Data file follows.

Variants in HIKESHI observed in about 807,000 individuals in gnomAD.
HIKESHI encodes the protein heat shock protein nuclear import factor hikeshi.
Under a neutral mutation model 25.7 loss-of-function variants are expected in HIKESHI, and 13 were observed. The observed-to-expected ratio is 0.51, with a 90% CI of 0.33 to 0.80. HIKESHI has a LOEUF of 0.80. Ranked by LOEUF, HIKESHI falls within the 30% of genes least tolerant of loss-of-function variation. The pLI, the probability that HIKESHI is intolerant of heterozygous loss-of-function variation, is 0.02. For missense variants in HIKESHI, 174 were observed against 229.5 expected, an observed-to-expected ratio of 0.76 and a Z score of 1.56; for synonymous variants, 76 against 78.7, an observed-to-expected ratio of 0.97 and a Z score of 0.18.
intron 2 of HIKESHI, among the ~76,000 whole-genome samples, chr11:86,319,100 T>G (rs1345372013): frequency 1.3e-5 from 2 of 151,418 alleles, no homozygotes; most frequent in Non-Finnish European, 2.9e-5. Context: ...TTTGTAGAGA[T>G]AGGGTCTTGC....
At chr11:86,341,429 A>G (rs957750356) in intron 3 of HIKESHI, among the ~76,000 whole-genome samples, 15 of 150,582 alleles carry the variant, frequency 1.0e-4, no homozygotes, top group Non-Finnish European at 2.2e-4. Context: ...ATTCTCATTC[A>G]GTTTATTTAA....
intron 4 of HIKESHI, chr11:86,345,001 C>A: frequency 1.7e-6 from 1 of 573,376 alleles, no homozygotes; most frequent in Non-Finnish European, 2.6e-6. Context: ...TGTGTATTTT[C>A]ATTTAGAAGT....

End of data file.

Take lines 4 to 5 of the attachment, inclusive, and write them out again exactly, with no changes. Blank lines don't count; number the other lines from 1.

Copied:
intron 2 of HIKESHI, among the ~76,000 whole-genome samples, chr11:86,319,100 T>G (rs1345372013): frequency 1.3e-5 from 2 of 151,418 alleles, no homozygotes; most frequent in Non-Finnish European, 2.9e-5. Context: ...TTTGTAGAGA[T>G]AGGGTCTTGC....
At chr11:86,341,429 A>G (rs957750356) in intron 3 of HIKESHI, among the ~76,000 whole-genome samples, 15 of 150,582 alleles carry the variant, frequency 1.0e-4, no homozygotes, top group Non-Finnish European at 2.2e-4. Context: ...ATTCTCATTC[A>G]GTTTATTTAA....